Two New York labor groups made the charges in a lawsuit against Express Scripts, the nation’s third largest PBM, according to an Associated Press report. The lawsuit was filed December 31 in state Supreme Court in New York City and announced Sunday by the Organization of New York State Management Confidential Employees and United University Professions, which represent more than 30,000 state workers.
Pharmacy benefit managers are essentially the middlemen that negotiate on behalf of their clients for discounts from drug manufacturers.
As has been the case previously with other PBMs (See Ohio STRS Sues Medco ), the latest suit accuses Express Scripts of deceptive practices, such as keeping rebates paid by drug makers instead of passing those savings along to health plans. Express Scripts also received kickbacks from drug manufacturers to recommend higher-priced drugs rather than more affordable alternatives, the suit said.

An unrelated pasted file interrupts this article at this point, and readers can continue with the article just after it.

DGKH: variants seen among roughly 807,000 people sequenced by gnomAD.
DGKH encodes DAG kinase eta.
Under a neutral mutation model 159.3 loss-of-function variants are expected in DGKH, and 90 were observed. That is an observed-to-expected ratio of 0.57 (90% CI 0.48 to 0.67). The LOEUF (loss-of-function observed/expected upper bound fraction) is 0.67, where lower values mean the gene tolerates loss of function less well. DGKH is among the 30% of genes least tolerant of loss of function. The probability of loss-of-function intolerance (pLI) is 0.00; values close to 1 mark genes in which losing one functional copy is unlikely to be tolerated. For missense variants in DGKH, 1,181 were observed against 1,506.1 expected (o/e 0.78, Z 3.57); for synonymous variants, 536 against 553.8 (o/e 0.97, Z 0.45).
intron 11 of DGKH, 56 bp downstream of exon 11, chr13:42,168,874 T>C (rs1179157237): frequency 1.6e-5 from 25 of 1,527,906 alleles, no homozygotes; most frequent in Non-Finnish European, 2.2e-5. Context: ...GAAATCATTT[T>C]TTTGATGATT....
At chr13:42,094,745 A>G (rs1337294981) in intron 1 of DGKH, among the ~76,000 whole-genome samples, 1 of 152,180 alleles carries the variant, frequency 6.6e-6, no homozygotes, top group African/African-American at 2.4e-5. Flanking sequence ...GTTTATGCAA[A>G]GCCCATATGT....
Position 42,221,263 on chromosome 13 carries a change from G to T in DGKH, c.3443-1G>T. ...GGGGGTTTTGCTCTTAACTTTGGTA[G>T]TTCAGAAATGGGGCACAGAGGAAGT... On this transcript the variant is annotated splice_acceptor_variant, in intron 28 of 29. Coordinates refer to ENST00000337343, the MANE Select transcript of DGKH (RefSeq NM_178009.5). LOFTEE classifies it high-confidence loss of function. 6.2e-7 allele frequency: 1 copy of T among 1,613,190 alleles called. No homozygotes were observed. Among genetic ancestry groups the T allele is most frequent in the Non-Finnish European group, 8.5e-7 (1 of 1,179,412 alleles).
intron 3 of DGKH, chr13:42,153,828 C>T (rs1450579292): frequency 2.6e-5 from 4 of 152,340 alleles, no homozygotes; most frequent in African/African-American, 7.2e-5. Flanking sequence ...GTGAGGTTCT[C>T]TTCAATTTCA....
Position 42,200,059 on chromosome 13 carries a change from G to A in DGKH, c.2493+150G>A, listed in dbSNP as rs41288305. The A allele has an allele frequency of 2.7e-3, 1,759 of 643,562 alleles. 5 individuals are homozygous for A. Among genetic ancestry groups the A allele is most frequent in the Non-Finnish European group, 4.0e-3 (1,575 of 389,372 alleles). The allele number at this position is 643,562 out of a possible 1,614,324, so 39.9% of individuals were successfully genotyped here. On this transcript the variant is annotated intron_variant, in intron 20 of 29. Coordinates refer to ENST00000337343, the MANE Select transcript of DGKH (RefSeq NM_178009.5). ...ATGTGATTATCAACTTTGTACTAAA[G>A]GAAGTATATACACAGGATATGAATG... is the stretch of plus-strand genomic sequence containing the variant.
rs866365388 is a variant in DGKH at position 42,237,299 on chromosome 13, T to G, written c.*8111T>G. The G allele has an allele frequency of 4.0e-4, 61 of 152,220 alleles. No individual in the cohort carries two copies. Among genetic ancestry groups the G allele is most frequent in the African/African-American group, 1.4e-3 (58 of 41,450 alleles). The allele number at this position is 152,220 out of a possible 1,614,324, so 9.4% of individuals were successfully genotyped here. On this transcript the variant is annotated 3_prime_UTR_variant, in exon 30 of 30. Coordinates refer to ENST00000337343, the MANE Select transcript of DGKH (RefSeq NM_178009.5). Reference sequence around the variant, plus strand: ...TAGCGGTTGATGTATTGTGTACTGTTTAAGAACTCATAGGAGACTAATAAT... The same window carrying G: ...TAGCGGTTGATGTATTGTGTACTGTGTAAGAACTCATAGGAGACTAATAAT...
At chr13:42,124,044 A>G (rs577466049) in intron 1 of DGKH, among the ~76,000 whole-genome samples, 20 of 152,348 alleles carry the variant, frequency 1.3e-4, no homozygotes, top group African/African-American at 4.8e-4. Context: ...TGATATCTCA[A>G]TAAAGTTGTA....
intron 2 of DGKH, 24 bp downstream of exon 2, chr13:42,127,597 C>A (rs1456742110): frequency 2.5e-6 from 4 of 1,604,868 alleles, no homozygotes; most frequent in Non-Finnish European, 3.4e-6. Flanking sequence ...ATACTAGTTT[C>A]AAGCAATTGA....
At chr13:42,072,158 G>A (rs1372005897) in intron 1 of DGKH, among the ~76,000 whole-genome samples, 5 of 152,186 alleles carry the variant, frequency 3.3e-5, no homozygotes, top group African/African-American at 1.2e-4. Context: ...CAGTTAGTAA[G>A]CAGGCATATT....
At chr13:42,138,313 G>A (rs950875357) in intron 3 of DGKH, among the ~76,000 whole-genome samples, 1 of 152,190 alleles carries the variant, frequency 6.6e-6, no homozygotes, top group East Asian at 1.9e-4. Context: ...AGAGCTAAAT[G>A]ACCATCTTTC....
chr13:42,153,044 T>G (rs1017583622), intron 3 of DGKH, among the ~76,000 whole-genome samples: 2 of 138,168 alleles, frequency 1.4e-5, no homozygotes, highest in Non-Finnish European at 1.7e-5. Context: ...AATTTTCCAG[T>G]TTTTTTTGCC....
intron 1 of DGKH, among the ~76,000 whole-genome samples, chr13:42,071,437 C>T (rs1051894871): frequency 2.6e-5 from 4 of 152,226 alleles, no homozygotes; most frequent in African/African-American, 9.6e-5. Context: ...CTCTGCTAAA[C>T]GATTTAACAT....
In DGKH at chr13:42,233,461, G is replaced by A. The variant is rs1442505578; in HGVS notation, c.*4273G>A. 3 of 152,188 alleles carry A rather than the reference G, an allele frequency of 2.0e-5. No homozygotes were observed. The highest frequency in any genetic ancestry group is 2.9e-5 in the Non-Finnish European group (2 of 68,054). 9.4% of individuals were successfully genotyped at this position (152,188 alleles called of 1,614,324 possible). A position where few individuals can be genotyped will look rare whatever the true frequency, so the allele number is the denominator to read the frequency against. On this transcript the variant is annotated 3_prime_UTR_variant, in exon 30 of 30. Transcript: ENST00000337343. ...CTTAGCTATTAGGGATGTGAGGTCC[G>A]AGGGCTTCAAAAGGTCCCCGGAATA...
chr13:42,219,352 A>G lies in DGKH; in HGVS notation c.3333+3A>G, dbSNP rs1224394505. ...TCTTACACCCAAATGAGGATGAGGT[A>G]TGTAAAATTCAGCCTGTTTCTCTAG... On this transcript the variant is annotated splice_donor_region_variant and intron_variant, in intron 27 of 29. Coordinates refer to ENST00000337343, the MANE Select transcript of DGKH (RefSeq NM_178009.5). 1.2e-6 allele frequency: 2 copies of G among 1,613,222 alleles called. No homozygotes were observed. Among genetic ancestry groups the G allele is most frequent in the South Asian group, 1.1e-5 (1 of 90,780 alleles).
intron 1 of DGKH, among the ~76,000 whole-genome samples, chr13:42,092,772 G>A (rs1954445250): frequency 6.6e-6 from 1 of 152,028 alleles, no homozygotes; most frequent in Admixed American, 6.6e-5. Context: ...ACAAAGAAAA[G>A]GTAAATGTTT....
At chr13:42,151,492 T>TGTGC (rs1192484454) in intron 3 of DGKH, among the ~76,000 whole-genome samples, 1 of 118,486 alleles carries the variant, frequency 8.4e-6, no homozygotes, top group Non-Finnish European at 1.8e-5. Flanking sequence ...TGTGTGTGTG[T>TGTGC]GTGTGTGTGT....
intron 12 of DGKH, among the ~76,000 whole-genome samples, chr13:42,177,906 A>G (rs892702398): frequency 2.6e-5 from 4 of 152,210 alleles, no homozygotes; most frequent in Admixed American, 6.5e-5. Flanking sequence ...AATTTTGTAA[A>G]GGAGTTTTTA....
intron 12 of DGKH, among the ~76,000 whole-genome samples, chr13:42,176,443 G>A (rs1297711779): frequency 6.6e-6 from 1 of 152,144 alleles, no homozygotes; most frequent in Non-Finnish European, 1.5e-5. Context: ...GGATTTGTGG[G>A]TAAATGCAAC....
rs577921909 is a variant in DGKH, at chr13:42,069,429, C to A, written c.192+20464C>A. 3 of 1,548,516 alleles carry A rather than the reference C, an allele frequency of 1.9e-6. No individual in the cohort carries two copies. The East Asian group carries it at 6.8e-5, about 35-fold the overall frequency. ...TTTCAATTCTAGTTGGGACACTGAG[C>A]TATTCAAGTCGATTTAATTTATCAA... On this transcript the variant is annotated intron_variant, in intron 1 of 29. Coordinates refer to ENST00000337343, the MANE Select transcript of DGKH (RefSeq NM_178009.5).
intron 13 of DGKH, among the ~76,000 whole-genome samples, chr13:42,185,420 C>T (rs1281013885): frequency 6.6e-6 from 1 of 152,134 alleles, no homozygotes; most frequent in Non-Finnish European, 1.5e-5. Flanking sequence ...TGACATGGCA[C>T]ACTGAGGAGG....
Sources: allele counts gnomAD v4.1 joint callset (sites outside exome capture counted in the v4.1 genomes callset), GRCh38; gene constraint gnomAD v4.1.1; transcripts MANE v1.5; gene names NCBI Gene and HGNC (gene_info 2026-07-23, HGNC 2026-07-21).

“Our members are being shortchanged, and the taxpayers of New York state are being shortchanged,” William Scheuerman, president of United University Professions, said in a statement. The lawsuit seeks undisclosed monetary and punitive damages. Express Scripts provides pharmacy benefit management for 1.1 million current and retired state workers under a contract that expires at the end of 2005.
The New York suit is the latest in a series of criticisms of for-profit pharmacy benefit management companies. Several states are investigating whether the companies’ practices violated antitrust laws. Last January, nine states and the District of Columbia said they would organize a nonprofit group to buy drugs for both state employees and Medicaid patients, eliminating the corporate entity in the middle. The National Legislative Association on Prescription Drugs hopes to have the nonprofit operational by this year (See 9 States and DC Team Up to Assume PBM duties ).